For the present the "maybe not even a footnote" hypothesis seems to remain unfalsified.

Γιώργος Ασκούνης said...

Thank you Mike for helping me to get a bit closer to the root of the problem! Ofcourse there is still long way for the Tiperery!
George

Happi said...

Mike –

When you say things like “history might pass me by without even relegating me to so much as a footnote” I worry that you’re missing the point.

And while the opening lines and the gist of Dogen’s Fukan-zazengi are: “Awakening originally is all around. How could it depend on training and verification?,” he also was moved to tears when he found his vision of practice shared, for example as he describes in Kesa-kudoku: “At that time, there arose in me a feeling I had never before experienced. [My] body was overwhelmed with joy. The tears of gratitude secretly fell and soaked my lapels.” Dogen is full of contradictions like that. And I’ve heard people complain about those contradictions, but life, too, is chalk-full of contradiction.

I don’t think Dogen was concerned about fame and fortune. He was, however, a strong advocate of sincerity in practice. What is your practice? Is its worth to be decided by history, Nishijima’s story, or your story? Don’t undermine your story.

Excuse me if you think I’m being out of line.

Mike Cross said...

Hi Gisela,

"Don't undermine your story" could be another way of saying "Don't abandon an idea."

I don't know if you followed the link I provided to the talk in which George Soros gave his critique of the enlightenment fallacy of objective reality divorced from reason, and his even stronger critique of the post-modernist fallacy of no objective reality but just affirmation of individual stories, but I thought the talk was very good, exceptionally clear.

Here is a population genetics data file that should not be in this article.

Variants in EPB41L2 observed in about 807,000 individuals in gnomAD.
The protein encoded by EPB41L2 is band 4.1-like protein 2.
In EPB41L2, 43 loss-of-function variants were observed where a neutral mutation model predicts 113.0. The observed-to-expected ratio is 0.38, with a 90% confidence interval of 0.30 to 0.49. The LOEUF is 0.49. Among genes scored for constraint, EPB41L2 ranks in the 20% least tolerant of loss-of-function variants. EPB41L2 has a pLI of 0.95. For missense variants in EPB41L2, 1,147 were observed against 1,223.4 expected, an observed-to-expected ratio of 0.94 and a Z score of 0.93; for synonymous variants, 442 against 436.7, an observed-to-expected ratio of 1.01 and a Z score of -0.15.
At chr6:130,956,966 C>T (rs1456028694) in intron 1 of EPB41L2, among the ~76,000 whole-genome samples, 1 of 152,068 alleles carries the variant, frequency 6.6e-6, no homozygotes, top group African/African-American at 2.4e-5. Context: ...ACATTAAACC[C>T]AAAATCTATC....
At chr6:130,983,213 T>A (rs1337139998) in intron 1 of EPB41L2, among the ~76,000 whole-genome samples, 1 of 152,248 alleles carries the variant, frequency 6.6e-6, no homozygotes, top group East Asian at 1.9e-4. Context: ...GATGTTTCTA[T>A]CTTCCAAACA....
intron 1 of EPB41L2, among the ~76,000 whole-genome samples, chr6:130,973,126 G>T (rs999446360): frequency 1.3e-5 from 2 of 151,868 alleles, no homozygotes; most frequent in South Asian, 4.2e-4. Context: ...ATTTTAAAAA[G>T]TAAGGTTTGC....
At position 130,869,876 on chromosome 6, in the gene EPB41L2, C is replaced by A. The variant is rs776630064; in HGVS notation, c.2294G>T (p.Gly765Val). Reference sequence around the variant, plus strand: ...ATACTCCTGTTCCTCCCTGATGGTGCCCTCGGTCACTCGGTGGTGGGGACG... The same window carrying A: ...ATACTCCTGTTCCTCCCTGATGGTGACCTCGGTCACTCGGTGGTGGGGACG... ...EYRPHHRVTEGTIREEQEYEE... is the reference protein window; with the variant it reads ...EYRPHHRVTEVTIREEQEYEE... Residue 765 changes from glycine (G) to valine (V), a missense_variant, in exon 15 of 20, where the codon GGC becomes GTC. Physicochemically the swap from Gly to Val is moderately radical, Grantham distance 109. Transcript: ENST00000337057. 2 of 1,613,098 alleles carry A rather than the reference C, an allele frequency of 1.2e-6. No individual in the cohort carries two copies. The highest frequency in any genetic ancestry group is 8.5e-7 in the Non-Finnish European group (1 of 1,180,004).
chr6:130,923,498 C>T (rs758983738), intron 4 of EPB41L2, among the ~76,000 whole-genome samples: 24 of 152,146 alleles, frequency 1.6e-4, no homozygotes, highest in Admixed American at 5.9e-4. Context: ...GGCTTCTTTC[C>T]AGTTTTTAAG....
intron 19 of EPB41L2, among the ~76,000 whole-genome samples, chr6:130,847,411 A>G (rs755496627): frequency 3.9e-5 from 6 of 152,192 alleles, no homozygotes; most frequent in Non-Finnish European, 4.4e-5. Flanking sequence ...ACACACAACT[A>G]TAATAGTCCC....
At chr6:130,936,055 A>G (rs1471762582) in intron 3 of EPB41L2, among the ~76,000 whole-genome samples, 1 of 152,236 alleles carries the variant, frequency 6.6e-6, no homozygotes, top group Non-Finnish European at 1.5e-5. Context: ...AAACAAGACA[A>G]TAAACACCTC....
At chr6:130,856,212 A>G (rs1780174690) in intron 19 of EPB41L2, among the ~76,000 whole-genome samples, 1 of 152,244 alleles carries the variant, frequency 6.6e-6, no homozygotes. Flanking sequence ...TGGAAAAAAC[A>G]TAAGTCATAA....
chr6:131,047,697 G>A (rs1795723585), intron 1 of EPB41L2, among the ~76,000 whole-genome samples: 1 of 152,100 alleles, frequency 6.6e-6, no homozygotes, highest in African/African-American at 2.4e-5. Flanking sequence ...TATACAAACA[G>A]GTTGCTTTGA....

"Don't undermine your story" sounds like it could be somewhat leaning in the post-modernist direction.

My practice is sitting in lotus as the abandonment of all views -- especially religious ones, but thanks to George Soros I would like to add to the list post-modernism with its emphasis on "my story."

Yes, I excuse you for being out of line, so long as you say three Hail Mary's and don a hair shirt.

Happi said...

Hi Mike –

If your practice consists only of sitting in lotus as the abandonment of all views, then what is the rest of your life, including this translation effort, your conviction of a link between Alexander theory and not thinking, Nishijima’s teaching around right posture, not to mention your distain of most, if not all, –isms, due to, at the very least, the dangers of group think instead of thinking for one’s self? Why bother with anything at all?

I don’t subscribe to Catholicism and I haven’t the foggiest notion of where to procure such a shirt, so I can only hope that my confession to you that I have not yet had the opportunity to listen to the Soros lecture will suffice (though it’s on my list of things to do). Otherwise I may be up sh*t creek without a paddle.

Mike Cross said...

O, Oatmeal-munching Scientist! (voc. sg. f.):

Why bother? indeed. That might be the wisest thing you've written so far.

By the way, my eldest son is just finishing the 3rd year of a degree in Chemistry at Imperial College, London. Not bad, eh?

So I have succeeded pretty well in guiding his progress as a scientist such that he has already overtaken me in his understanding of science. How did I manage this? I will tell you the secret: I set the bar incredibly low!

Happi said...

Thanks Mike. Best of luck to your son.